1. Holly Lee says:

      Thank you, I’m glad you found it helpful!

  3. Genecia Sathiaseelan says:

    I was so amazed by this article because I have had two boys but 10 years ago and in my day it was too much of a bother to use cloth diapers. Well it just shows you some things never go out of fashion. They really have evolved the cloth diaper  and its always great to know about the new stuff that people come out with or in this case just changing it up from old to new.

    Very informative and good research well done I am really in aw 

    1. Holly Lee says:

      Thank you! Cloth diapers have been making a comeback in recent years–it’s still not the mainstream way to diaper, that’s for sure, but more and more families are considering it. The modern styles of cloth diapers make it much easier than in the past, too!

  4. Abagatan says:

    Reading the post about how a woman dealt unfavorably with cloth diapering I would take the courage that cloth diapering be promoted and be encouraged to all family as their priority than other ways.

    Besides the cheaper financial consideration, cloth diapering is one of the best way to respond to the environmental concern with regards to pollution issue. Disposables are environmental unfriendly and will just bring more burden to any government on proper garbage disposal.

    Cloth diapering is an ancient practice that should be claimed in the modern age for it is healthy and environmental friendly.

    1. Holly Lee says:

      I agree! I fully support that the woman/mom is entitled to her own experience and opinion. I was just worried that someone with as much influence and as many readers as she has would lead people to a lot of wrong ideas about what cloth diapering is and what it takes. It definitely doesn’t need to be as difficult as she made it.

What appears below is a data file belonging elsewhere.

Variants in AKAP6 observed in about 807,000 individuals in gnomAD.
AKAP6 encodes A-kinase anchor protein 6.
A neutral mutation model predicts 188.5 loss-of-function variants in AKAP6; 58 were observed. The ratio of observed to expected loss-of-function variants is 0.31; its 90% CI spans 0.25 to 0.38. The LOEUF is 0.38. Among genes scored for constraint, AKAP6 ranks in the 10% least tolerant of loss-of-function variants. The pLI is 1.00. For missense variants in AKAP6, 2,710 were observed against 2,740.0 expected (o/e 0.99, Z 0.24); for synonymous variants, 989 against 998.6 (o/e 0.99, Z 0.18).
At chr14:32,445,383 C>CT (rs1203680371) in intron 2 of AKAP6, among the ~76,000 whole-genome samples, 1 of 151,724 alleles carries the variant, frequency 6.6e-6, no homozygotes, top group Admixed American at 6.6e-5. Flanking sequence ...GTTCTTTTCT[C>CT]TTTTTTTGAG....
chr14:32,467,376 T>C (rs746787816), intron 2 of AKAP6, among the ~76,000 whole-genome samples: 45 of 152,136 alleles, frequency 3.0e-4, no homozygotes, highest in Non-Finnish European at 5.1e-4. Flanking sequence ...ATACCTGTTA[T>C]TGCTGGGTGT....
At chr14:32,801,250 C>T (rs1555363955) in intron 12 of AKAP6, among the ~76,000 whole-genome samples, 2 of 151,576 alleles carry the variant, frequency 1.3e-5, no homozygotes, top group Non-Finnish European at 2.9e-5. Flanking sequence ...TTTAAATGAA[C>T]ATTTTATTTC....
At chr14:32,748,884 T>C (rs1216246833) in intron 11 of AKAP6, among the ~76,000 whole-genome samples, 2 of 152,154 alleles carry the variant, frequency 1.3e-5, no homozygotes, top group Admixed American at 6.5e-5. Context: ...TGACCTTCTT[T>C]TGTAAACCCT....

I do think cloth diapering is a great way for families to take better care of the earth. It’s not the only way, and you can cloth diaper and be harmful to the environment in other ways for sure, but it’s something that every family can at least consider with an open mind.

  5. eohia says:

    Hi Holly, thank you for this informative article. Just like it’s said: “different strokes for different folks”. Everyone has a reason for going for the choices they make.

    I love the way your article is written, it makes the use of cloth diapers look more easy and less cumbersome. In my case I went for disposables not because I was really buoyant to do that, but I saw the use of cloth diapers as being too much work. (I had no help around and I was  working too at the time ).

    Nevertheless, I love the tips you gave on choices of cloth diapers, daily laundry and cleaning of the clothes diaper. It will come in handy for my next baby.

    1. Holly Lee says:

      Thank you, glad you found it helpful!

  6. Hestia says:

    I don’t understand the issue with staining, either. It’s a diaper. That’s kinda its purpose.

    Though I find that two things helped with staining:
    a) a good washing machine (my brand of choice is Bosch)
    b) Using flats. Here’s how I fold them for pockets / Ai2: https://youtu.be/i4wem0hK48s

    1. I’ve heard great things about Bosch appliances! I’ve never owned one though. I just have a standard top-loader. Probably cost $200-$300 when it was purchased. It has an agitator and seems to do the trick.

  7. Monica Booth says:

    This is a great article! The biggest “why we wouldn’t cloth diaper” reason I hear from my friends is that they think the amount of water used for cloth diapering is worse than using disposables. I try to explain to them that it takes more water to create ONE disposable diaper than it is to wash an entire load of cloth, and then the disposable sits in the landfill forever, but I think it’s just kind of their favourite excuse to not get on the CD train when in reality they just don’t want to do the work. And that’s fine! I loved cloth diapering my son and will be cloth diapering my second, due in August, with all the same diapers my son used.

    As for staining, it’s a simple as hanging the diapers in the sun (even in front of a sunny window). The sun will bleach the stains right out!

    1. Thanks Monica! I agree that sometimes people just make excuses that make them feel better about doing things. It’s okay to just not want to do cloth diapers, but silly to pretend that it’s more wasteful than disposables to justify it! Heh.